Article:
Although it was introduced as a federal law in 1993 by then President Bill Clinton, more than twenty states have since created their own versions of RFRA. One of these states to ratify their own law was Indiana. Although the intent of the law was inherently the same as the federal bill passed, the language was not, and this is what caused the controversy. Many debated that Indiana’s law allowed for discrimination against the LGBTQ+ community in Indiana. Pressures from advocates led to a heavily contested amendment to the bill that allowed for more protections to LGBTQ+ employees, customers and tenants, and wthe amended bill was signed into law in April of 2015.
The importance of freedom of religion in the United States is paramount when considering how one's belief could infringe upon another's. Religious freedom protects society from intrusions and discriminations based upon one's chosen faith. It keeps government from intruding upon an individual's private consciousness and spirituality. Not only does this right apply to individuals, but also to groups and associations. Freedom of religion, as stated in the First Amendment, assures one's practice toward the safe keeping of individual creed, so long as that practice is not physically harmful to the public, or infringes on governmental entities.
Problems concerning religion have often filled the Supreme Court, with issues being resolved through interpretations of the Constitution. Such issues included blood transfusions in the Mormon faith, building highways through sacred sites of Native Americans, school prayer, and, more recently, the George W. Bush administration's plan to implement faith-based organizations into a common voucher system to meet philanthropic needs.
Ties to the Philanthropic Sector
The philanthropic sector is connected to religious freedom in numerous ways, from historical to financial to legal. In fact, the ties between philanthropy and religion are ancient. From the fifth and fourth centuries B.C.E., the Greeks used the term philanthropos as an adjective to describe the gods that presented gifts and benefits to mankind; the term philanthropia became a usual noun in early Greek philosophy. Acts of generosity and service can be found among any group seeking religious freedom, whether the group is the recipient or donor of the gift. The varied religious groups that sought a life free to practice their religion in the New World were often aided by the goodness of other groups, such as the Native Americans assisting the Pilgrims.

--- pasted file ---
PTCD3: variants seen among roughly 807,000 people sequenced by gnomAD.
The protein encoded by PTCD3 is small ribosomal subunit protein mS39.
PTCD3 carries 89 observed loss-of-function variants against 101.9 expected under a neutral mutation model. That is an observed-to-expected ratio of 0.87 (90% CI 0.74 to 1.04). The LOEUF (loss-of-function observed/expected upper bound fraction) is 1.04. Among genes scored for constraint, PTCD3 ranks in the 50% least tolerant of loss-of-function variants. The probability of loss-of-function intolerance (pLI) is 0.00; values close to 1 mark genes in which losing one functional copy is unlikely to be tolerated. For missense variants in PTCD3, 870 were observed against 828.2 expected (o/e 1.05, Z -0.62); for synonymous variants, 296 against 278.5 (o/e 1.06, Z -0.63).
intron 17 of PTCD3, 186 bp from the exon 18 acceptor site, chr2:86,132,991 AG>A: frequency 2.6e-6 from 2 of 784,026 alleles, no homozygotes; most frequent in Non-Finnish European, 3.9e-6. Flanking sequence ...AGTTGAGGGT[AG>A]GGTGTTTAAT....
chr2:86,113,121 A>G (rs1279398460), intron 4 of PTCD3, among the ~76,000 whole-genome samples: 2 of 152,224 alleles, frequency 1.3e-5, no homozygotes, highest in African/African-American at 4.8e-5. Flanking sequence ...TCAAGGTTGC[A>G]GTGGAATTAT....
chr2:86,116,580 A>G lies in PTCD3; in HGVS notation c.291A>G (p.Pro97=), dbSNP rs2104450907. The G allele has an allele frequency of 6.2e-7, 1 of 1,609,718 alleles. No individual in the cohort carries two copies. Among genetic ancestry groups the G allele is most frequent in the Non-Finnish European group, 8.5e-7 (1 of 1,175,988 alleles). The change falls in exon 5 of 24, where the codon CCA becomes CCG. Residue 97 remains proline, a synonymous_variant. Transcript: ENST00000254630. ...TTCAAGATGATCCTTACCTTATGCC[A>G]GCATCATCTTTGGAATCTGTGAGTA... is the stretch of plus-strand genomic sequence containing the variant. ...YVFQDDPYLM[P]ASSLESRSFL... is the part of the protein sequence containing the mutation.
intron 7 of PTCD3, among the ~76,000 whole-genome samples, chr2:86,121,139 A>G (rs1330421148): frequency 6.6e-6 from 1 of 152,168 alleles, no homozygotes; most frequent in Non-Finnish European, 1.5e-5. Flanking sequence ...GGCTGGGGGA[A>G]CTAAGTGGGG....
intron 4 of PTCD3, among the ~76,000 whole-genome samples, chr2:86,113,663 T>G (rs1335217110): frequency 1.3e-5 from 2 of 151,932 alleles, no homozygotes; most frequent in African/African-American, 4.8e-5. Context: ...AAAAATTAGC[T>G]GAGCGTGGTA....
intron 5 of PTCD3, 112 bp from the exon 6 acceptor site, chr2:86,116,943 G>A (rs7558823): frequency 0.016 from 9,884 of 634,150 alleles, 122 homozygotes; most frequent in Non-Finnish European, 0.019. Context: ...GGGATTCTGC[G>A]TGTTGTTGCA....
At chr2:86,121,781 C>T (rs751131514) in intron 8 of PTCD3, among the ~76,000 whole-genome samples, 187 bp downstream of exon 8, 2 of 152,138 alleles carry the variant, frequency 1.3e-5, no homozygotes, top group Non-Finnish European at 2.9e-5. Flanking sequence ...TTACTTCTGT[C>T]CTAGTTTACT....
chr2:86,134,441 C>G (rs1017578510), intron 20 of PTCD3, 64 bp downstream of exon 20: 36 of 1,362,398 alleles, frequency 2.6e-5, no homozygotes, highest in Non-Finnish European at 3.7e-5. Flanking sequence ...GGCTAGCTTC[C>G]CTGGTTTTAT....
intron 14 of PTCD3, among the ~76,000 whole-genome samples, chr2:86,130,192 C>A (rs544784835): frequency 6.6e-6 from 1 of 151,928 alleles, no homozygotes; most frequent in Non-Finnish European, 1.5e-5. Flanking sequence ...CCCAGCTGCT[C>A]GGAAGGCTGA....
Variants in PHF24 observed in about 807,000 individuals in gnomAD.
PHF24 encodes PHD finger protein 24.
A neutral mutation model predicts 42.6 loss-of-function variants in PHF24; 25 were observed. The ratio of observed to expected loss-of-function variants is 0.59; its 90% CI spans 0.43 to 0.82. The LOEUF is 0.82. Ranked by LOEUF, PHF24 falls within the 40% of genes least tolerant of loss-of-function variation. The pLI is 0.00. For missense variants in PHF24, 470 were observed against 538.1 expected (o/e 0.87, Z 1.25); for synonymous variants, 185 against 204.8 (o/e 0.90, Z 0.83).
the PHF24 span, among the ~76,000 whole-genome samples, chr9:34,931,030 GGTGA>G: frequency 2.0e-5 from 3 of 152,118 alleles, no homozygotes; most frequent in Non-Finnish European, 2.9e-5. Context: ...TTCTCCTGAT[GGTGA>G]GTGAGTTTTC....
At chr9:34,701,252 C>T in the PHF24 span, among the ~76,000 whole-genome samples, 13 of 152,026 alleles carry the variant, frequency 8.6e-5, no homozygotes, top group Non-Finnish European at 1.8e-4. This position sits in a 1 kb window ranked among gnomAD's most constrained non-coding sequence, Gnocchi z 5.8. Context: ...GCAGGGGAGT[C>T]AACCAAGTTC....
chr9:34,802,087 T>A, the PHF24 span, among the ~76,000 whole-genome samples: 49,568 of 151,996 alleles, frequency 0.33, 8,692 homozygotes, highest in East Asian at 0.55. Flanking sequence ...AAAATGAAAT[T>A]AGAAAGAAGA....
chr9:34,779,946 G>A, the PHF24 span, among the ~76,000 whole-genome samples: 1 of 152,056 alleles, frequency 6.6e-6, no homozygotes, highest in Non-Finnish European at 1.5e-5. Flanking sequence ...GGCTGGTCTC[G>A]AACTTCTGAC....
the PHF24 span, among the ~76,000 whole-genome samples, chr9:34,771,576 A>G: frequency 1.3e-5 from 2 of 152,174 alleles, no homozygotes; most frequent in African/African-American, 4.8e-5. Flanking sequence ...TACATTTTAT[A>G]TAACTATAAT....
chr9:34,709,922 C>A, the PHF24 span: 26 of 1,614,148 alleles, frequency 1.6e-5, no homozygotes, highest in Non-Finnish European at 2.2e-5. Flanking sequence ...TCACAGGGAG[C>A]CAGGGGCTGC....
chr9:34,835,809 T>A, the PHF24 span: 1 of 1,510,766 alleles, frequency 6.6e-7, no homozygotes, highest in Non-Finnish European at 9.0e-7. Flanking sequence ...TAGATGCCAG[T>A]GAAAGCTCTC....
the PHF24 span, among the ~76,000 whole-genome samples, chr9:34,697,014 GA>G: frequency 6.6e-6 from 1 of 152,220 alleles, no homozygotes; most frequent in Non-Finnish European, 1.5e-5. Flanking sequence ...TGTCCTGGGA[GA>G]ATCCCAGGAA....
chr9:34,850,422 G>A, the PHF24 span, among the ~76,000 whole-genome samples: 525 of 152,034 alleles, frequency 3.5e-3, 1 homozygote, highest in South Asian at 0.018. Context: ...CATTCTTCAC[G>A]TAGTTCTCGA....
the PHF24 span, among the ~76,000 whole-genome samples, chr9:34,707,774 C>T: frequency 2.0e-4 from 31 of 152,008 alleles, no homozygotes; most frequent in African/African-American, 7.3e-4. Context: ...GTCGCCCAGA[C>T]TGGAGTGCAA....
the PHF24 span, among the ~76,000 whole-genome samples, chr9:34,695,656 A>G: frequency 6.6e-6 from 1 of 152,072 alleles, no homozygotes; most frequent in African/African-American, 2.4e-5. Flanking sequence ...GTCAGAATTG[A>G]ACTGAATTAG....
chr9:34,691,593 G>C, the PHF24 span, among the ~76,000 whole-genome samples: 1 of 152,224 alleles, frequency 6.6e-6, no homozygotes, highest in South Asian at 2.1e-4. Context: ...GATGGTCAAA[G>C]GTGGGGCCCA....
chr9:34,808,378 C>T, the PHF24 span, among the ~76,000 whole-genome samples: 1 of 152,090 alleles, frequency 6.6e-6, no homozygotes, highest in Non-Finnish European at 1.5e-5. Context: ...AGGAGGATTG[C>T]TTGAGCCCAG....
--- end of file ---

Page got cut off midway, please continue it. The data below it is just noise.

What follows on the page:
Today, the majority of charitable donations in the U.S. are made to religious organizations, showing a clear correlation between philanthropy and religion. (Giving USA) In fact, people who regularly attend religious services both volunteer and give contributions at a much higher rate than people who do not (INDEPENDENT SECTOR 2001).
Yet, there have been conflicts as philanthropy relates to religion, resolved by the Supreme Court interpreting the Constitution. In 1819, in the case of Philadelphia Baptist Association v. Hart's Executors (Miller 1961, 21-3), Silas Hart bequeathed 50 pounds to the Baptist Association of Philadelphia, but his executors refused to deliver the funds. The Baptist Association, in turn, sued. The case was important because its outcome would influence future philanthropic gifts. Chief Justice Marshall ruled in favor of the executors on the grounds that the association was not incorporated at the time of Hart's death in 1795. Justice Marshall accepted the provisions and stipulations set forth by the 1601 Elizabethan Statute of Charitable Uses.
The second important case was Vidal v. Girard in 1844 (Bucknell University 2001). Pennsylvania Common Law, rather than Constitutional Law, was used to decide the case because Vidal was French and kin of Girard. Girard bequeathed (left to someone via a will) $7 million to the city of Philadelphia with the stipulation that the school he requested to be built for orphan boys and poor scholars not include any cleric proselytizing on the property. He did not stipulate whether religion could be taught at the school. Vidal argued the will was anti-Christian. Justice Story ruled that laymen could instruct Christianity for moral principles.
Key Related Ideas
- Freedom of Association allows citizens of the United States to gather together around beliefs as long as they are not threatening citizens or the state. This is important for Freedom of Religion due to the fact it allows any religion to gather in a space.
- Freedom of Speech: This First Amendment right allows any citizen the ability to say whatever they please as long as it does not directly incite violence against a specific person.
- Separation of Church and State: There is an important distinction between Church and State. The separation of the two within the United States is important due to the fact it does not allow the government to meddle in the religion of its citizens. It also is a defense not allowing the government to have a state-run religion.
Important People Related to the Topic